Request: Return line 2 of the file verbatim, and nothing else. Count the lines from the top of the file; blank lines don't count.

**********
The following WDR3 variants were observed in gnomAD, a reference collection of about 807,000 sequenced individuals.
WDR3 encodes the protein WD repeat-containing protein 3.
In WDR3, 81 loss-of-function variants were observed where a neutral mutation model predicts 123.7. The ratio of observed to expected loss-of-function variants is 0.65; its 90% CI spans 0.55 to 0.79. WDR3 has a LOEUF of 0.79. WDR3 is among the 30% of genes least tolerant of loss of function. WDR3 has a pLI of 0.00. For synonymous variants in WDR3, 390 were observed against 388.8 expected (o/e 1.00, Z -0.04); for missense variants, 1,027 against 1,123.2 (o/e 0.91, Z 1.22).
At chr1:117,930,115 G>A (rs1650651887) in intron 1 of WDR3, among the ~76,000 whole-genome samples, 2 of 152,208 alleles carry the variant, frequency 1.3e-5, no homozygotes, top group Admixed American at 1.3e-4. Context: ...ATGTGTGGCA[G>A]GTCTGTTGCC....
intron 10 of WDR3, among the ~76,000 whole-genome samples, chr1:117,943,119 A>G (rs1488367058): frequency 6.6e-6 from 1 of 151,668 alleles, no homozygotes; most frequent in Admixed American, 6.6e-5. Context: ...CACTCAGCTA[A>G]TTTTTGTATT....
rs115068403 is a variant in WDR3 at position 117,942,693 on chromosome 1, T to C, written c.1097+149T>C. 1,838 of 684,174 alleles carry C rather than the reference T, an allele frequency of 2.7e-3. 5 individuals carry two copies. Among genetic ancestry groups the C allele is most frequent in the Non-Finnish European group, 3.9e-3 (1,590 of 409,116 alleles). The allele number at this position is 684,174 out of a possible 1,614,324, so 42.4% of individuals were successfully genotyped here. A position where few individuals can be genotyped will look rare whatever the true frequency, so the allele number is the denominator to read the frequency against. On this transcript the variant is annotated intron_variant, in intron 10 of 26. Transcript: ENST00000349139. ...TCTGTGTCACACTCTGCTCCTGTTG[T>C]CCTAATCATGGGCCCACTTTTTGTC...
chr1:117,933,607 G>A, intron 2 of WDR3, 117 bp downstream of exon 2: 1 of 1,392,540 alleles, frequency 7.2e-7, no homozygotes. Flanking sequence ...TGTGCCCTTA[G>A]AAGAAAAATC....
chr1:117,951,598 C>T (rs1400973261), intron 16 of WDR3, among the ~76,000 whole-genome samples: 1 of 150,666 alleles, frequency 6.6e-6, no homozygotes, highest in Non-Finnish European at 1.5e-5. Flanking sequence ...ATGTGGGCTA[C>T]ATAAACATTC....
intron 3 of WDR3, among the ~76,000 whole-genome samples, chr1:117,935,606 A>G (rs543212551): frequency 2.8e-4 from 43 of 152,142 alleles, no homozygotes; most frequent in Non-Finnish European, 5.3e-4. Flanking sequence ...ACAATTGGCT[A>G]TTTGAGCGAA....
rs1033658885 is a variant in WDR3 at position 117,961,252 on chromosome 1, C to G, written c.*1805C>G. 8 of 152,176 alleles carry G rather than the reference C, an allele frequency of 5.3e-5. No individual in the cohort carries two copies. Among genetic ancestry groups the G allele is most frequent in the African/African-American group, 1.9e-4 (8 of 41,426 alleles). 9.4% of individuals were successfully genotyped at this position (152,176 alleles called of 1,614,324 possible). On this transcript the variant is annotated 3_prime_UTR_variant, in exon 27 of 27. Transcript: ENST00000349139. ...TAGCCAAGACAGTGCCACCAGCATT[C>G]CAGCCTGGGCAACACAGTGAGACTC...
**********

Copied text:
WDR3 encodes the protein WD repeat-containing protein 3.